21/02/2018 09:43 GMT | Updated 21/02/2018 09:43 GMT

Let's Revisit The Termination Of Pregnancy Discussion

Abortion is a taboo subject in South Africa, with all of the associated stigmas.

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Pro-choice supporters celebrate in front of the U.S. Supreme Court after the court, in a 5-3 ruling, struck down a Texas law restricting access to abortion.

It is interesting to note that one of the first new bills that was passed in post-apartheid South Africa was the Choice on Termination of Pregnancy Act 1996.

Pretty impressive that the government of the day recognised and prioritised sexual and reproductive health, creating one of the most progressive abortion laws in the world. Simply put, the act states that there is a duty on the department of health to provide abortions free of charge at certain state medical facilities and to provide counselling for women.

Legalised private institutions can also perform abortions. However, medical personnel who have any personal objection to performing an abortion can choose not to do so, but they must then refer the woman to another practitioner – and confidentiality is promised.

How fascinating then, that one of the first actions Donald Trump took as he entered the U.S. presidency was to clamp down on termination of pregnancy. He has kept his vow made to Christian conservatives to "protect the unborn".

Trump has overall stifled and blocked reproductive rights of women, and as such has made it easier for states to block Medicaid funding for Planned Parenthood. New U.S. laws call for mandatory counselling sessions, in which patients are told about the mental-health consequences of having an abortion. This is framed as efforts to protect women from harm.

There is no evidence, however, that women who have abortions suffer disproportionately from long-term mental-health problems, though evidence does suggest that being denied abortion care can have other adverse consequences – such as a significant increase in household poverty, a reduction in full-time employment, an increase in public assistance that persists until women are timed out of these programmes, and an increased likelihood that women don't have enough money to pay for food, housing and transportation.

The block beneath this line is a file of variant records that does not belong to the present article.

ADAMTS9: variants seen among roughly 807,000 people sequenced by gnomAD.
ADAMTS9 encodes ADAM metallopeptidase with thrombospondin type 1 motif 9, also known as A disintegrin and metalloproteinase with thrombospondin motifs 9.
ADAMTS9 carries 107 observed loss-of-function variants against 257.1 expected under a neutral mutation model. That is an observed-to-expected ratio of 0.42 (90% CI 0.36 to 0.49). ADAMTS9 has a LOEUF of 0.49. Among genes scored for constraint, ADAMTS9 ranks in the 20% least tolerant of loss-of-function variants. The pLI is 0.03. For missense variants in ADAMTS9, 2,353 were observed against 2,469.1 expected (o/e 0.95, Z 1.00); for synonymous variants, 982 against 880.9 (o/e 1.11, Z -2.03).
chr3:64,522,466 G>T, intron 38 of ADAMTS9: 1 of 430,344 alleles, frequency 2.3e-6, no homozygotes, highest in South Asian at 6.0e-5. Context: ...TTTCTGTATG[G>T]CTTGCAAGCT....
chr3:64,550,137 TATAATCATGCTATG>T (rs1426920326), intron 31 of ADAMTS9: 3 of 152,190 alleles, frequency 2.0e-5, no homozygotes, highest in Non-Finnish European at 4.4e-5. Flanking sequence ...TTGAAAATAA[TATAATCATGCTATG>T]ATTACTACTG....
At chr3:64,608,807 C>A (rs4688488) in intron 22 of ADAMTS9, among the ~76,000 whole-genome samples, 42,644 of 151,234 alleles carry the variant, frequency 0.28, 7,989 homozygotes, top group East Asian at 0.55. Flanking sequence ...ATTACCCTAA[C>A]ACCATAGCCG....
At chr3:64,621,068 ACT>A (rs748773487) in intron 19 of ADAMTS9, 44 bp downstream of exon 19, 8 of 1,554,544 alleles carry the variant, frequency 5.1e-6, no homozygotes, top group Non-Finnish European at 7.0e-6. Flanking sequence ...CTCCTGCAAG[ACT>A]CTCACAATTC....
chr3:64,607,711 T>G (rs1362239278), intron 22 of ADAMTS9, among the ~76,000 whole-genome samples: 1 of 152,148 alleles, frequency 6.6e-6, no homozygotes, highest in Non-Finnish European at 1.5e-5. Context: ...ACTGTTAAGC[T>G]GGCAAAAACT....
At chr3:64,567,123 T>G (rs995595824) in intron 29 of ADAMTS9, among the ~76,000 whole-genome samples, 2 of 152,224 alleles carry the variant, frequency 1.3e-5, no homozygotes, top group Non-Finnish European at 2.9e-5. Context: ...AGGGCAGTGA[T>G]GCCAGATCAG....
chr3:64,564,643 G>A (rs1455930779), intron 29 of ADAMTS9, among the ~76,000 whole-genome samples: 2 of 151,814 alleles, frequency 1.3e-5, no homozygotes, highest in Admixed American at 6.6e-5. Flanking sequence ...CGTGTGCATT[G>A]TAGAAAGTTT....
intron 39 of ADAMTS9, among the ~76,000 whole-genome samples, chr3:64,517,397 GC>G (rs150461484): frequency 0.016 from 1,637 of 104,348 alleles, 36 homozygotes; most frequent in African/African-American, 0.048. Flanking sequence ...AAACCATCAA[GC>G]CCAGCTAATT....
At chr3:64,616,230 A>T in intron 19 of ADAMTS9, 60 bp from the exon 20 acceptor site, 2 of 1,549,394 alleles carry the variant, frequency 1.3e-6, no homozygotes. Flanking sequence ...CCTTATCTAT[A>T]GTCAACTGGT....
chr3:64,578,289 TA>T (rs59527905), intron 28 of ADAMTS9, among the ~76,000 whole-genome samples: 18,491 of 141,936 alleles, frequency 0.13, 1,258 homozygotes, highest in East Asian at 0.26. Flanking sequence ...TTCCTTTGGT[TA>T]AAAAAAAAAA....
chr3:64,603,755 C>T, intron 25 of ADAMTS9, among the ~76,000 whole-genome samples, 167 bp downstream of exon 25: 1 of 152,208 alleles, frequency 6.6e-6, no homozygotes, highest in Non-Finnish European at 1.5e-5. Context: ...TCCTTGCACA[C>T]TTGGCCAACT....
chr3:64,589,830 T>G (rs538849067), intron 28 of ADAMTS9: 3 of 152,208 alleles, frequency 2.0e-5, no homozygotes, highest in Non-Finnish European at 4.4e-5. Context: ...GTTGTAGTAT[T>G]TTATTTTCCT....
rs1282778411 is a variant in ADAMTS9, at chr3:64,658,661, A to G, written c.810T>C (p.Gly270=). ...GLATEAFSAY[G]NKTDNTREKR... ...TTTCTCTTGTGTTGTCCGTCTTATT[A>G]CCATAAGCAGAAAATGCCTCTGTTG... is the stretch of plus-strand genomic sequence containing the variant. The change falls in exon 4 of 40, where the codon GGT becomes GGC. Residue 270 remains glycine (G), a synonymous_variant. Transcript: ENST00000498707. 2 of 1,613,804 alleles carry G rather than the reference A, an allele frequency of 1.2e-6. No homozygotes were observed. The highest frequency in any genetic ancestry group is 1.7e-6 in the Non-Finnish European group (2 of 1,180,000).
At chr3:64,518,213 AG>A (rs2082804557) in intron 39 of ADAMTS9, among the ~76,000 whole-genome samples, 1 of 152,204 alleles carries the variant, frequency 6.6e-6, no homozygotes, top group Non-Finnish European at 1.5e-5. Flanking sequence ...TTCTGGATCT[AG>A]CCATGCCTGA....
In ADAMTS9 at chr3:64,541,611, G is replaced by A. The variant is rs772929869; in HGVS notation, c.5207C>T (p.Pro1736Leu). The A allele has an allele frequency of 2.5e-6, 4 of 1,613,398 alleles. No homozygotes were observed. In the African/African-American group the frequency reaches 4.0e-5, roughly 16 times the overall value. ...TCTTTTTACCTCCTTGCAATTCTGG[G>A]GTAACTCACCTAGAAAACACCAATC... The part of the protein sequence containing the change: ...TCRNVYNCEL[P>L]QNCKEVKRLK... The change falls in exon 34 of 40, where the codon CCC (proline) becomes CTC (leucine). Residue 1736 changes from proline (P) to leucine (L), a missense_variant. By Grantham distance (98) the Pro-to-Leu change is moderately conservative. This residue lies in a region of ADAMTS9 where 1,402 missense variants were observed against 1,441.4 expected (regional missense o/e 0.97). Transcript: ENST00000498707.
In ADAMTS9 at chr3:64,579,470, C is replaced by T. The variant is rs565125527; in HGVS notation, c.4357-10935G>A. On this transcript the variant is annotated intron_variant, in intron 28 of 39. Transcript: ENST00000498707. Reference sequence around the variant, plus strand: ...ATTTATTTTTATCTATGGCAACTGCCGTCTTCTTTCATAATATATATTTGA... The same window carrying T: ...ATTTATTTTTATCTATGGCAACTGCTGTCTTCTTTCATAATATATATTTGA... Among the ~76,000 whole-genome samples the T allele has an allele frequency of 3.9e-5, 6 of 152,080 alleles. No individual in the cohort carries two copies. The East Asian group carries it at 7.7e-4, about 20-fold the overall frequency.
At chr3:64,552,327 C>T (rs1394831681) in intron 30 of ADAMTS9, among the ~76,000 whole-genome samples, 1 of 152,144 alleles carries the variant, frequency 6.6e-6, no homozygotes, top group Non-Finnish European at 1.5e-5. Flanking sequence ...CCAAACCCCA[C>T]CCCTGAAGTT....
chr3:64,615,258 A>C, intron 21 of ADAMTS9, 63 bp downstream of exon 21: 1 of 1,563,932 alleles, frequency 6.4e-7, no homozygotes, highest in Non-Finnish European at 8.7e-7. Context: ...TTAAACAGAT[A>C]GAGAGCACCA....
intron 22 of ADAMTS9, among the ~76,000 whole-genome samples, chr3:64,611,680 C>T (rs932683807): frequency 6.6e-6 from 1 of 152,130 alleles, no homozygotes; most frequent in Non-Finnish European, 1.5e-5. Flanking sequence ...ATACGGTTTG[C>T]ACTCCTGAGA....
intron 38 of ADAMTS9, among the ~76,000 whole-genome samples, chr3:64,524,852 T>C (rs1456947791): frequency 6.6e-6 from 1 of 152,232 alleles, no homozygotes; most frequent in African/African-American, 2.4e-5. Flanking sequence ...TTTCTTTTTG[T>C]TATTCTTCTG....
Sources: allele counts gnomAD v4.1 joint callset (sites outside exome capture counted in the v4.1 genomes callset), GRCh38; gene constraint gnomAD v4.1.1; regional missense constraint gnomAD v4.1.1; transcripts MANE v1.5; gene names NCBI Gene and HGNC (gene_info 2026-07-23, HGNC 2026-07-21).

Why is it that there is so much terror and resistance to termination? Why this clinging onto a "pro-life" stance when clearly the beneficial facts of termination are on the table? Are we still so stuck in a society that denies that sexuality happens between young people? Are we willing to risk the lives of young women for the sake of religious rigour and someone else's "morality"?

According to global reproductive health group Marie Stopes International, between 52 and 58 percent of the estimated 260,000 abortions* that take place in South Africa every year are illegal.

Many women struggle to access services, whether it be because their local clinic isn't operating or the costs are prohibitive, or because they fear judgment from the medical staff.

Abortion is a taboo subject in South Africa, with all of the associated stigmas. Stigma is at the root of many of the abortion challenges. It often impacts a nurse or doctor's willingness to provide abortion care, limiting available services.

It makes women afraid to access an abortion at a formal facility – this, in turn, allows backstreet providers to fill in the gap. Unsafe and even dangerous, they operate on a business model of money for abortion pills. This eliminates stigma and shame for the young woman who will go to any lengths to terminate her unintended or unwanted pregnancy – with dire impact on her health.

Abortion stigma shames and silences women seeking abortions, and is a major contributor to unsafe and often lethal conditions for women.

Perhaps you mistakenly believe that women who choose termination can't make moral decisions, that only careless people have abortions, that abortion is bad for women. Let's not forget that no one knows better than the pregnant person which decision is right for them; no one understands better the full implications and impact of their choice.

Do not judge women who choose to have abortions, and encourage others not to pass judgment either.

Consider your current relationship to termination:

1. I've had one/more and live with no regret.

2. I live with regret – that I did/did not terminate.

3. As a man, I resent having no say in termination.

4. As a man, I support/do not support termination.

5. I keep it a secret as I fear rejection and stigmatisation.

Here's how you can get a legal termination of pregnancy:

  • The act legalises abortions during the first 12 weeks of pregnancy, at 13 to 20 weeks and after the 20th week of pregnancy.
  • The woman must agree to the abortion unless she is incapable of doing so (for example, if she is mentally ill or unconscious).
  • Minors do not need their parents' assistance or permission to have a legal TOP, although practitioners should advise them to consult with their family before the procedure.
  • A woman does not need the father's consent.
  • You will have a choice between a medical abortion and a surgical abortion.

This is what you can do:

  • Talk about abortion openly and without shame.
  • Do not judge women who choose to have abortions, and encourage others not to pass judgment either.
  • Support a woman's right to make her own reproductive and sexual health choices.
  • Offer your personal support to a woman you know who is facing termination.
  • Share your own termination story where you feel safe and comfortable doing so.
  • Recognise that termination stigma is simply a form of discrimination, and refuse to discriminate against women based on this or any other factor.
  • Donate to organisations that help to fight for women's rights.